And no - not too American. It's Scottish. You are supposed to either do a trick for the kids or give them a treat. However, Americans have turned the trick into being something nasty.

FissionChips Mon 22-Oct-18 14:05:33

Why would it be in anyway odd or weird? It’s a way of celebrating that has be done for many many years. Just stick to houses with lights on or follow behind a group of trick or treaters so you know which houses will answer.

bellinisurge Mon 22-Oct-18 14:07:32

It's Scottish. Guising is really cool and fun. Trick or Treat is a bit silly by comparison but as long as you only mither like minded neighbours, it's fine.

bumblebee39 Mon 22-Oct-18 14:07:54

I did go a couple of times as a kid, I don't think it's "too American" I just am not overly comfortable with the whole thing would much rather stay in but know older DC wants to go.

bumblebee39 Mon 22-Oct-18 14:10:20

Yes would only ever go if a lanterns out and there will be no one in to reciprocate.

I think it would help if I wasn't in any area where I know few people (recently moved) so therefore would be just a woman and 2 small kids alone

rosydreams Mon 22-Oct-18 14:10:23

Just only knock on doors with decorations thats what we do with our daughter.Only knock at peoples doors whos joining in

redcaryellowcar Mon 22-Oct-18 14:10:51

Where we live some houses decorate themselves a lot, and if they have a pumpkin outside/ on display then it's seen as a green light to knock on the door for a treat. Other Undecorated houses should be left alone.
Personally I won't take my children trick or treating nor will we be handing out sweets etc.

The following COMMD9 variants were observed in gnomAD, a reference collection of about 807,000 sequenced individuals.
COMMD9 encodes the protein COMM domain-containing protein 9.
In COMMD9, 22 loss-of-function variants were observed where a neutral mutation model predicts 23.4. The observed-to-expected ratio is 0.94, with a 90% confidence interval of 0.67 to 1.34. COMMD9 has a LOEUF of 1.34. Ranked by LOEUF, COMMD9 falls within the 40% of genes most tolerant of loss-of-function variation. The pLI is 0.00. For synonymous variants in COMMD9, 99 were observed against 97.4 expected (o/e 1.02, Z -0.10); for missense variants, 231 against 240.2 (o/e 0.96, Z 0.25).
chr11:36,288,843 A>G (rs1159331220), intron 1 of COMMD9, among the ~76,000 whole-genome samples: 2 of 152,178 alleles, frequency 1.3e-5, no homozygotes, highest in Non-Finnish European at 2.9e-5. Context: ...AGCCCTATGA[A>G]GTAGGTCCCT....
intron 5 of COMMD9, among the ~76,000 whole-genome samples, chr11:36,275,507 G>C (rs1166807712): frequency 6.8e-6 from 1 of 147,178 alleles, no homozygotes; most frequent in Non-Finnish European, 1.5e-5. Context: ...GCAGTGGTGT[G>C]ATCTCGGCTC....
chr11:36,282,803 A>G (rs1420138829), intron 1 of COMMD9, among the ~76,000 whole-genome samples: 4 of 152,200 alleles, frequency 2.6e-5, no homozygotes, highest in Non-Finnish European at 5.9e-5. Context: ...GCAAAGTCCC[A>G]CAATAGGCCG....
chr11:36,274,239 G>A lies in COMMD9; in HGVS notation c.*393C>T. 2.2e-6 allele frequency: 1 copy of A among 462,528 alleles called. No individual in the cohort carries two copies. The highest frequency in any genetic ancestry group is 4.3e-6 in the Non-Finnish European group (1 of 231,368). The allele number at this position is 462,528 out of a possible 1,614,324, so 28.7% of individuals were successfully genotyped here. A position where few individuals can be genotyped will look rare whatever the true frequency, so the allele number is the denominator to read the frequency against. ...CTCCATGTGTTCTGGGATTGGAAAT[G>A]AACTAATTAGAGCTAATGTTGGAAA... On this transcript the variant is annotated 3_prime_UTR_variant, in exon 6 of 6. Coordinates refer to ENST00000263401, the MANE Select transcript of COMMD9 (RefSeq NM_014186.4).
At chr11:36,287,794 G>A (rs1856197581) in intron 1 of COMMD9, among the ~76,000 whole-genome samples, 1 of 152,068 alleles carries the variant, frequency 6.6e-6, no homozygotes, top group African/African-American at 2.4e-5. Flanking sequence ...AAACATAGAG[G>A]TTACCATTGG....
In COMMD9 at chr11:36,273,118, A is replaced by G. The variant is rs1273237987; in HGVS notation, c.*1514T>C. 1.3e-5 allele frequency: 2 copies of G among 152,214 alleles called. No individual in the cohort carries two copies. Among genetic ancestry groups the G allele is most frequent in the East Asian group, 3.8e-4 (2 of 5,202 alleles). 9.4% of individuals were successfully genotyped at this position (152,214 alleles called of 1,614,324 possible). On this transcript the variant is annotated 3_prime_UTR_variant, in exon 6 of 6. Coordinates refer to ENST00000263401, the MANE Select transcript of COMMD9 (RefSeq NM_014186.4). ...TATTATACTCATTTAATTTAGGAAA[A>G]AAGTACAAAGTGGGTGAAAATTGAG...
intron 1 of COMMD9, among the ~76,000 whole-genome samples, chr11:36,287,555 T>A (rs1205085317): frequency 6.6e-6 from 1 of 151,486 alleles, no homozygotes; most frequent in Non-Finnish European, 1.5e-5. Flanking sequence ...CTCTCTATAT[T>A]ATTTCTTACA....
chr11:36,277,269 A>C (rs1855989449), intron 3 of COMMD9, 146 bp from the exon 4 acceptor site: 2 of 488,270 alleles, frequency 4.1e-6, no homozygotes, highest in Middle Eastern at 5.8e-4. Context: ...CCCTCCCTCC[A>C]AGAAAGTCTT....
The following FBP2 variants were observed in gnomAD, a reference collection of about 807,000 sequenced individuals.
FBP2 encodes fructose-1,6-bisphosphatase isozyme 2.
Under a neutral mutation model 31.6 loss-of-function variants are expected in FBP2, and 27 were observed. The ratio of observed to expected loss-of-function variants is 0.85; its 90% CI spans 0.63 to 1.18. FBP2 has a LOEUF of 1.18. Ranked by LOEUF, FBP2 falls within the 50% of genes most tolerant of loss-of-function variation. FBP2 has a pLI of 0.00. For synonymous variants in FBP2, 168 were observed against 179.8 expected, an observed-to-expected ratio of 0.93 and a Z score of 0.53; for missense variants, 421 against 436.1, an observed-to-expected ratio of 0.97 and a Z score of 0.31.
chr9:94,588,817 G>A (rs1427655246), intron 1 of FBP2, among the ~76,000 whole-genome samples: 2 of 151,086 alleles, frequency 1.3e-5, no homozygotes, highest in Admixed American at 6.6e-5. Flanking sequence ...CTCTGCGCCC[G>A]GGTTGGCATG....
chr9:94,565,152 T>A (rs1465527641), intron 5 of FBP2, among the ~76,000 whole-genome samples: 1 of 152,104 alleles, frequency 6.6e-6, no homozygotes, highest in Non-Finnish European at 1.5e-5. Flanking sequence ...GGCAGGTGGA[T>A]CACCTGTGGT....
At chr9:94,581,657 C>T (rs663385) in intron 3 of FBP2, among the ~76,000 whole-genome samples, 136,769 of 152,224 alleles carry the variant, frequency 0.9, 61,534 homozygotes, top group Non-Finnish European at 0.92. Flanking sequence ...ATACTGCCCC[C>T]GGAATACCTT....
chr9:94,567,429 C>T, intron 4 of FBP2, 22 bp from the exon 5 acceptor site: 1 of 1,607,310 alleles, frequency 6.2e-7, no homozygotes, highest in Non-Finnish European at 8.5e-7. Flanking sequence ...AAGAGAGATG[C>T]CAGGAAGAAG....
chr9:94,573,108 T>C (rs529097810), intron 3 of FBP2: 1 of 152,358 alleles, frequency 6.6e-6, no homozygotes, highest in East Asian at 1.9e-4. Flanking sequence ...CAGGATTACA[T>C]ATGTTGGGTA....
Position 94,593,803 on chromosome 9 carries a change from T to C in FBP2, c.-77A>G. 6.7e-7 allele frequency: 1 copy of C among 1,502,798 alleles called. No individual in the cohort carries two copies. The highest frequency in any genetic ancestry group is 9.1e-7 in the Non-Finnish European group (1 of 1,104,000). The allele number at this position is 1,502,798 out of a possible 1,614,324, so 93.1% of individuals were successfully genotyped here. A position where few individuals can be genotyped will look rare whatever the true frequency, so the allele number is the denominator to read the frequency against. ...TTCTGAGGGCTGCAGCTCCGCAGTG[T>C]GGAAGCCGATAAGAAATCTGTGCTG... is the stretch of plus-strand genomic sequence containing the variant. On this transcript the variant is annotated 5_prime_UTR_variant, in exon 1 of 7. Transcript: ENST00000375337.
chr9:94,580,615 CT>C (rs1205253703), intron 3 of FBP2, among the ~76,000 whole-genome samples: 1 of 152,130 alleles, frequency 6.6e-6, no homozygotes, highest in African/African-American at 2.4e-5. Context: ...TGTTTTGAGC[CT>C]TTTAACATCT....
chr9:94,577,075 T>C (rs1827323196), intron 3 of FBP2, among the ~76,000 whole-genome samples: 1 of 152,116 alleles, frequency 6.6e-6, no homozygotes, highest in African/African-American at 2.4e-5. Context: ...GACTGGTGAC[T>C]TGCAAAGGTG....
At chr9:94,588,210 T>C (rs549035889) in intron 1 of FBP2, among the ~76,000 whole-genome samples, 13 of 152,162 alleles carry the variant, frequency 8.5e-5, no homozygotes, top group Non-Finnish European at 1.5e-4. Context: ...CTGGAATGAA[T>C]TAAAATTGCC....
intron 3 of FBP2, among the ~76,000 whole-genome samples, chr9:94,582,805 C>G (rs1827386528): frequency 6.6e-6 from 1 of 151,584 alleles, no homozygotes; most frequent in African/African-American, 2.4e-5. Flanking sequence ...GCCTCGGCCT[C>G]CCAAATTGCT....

BrieAndChilli Mon 22-Oct-18 14:11:30

we do it but only to houses that are lit up and decorated so obvious that they welcome trick or treaters.

BluthsFrozenBananas Mon 22-Oct-18 14:16:31

We go to a lot of effort, decorations, lights, spooky music and a smoke machine plus a butt load of sweets to give out. I’d be really disappointed if people didn’t show up. It’s not odd, weird or rude, it’s a bit of fun for the local children. In my area generally lasts a couple of hours at most and everyone follows the rule about only knocking on doors where people have decorations out.

CandyCreeper Mon 22-Oct-18 14:18:14

is the decorated/pumpkin thing actually a thing in real life?? only ever seen it said online. when i took my kids out last year we around my area (about 5 different roads) and not one house was decorated in anyway. ended up just knocking on doors i seen others getting seats from as didnt want to disappoint the kids, I dont know anyone in the area to preplan a visit. the pumpkin thing wasnt known when i was growing up thats for sure and im late 20s

CandyCreeper Mon 22-Oct-18 14:19:16

seats!! sweets*

lau888 Mon 22-Oct-18 14:21:17

Just leave a candy bucket outside then. Two or three homes in our neighbourhood normally do this with a sign saying help yourself but don’t ring the doorbell because baby/dog/person is sleeping. That way you’re still reciprocating even though you aren’t at home. It will be a nice opportunity to meet/see some of your neighbours as the younger kids will be accompanied by parents and you can say hello to the ones asking the doors. x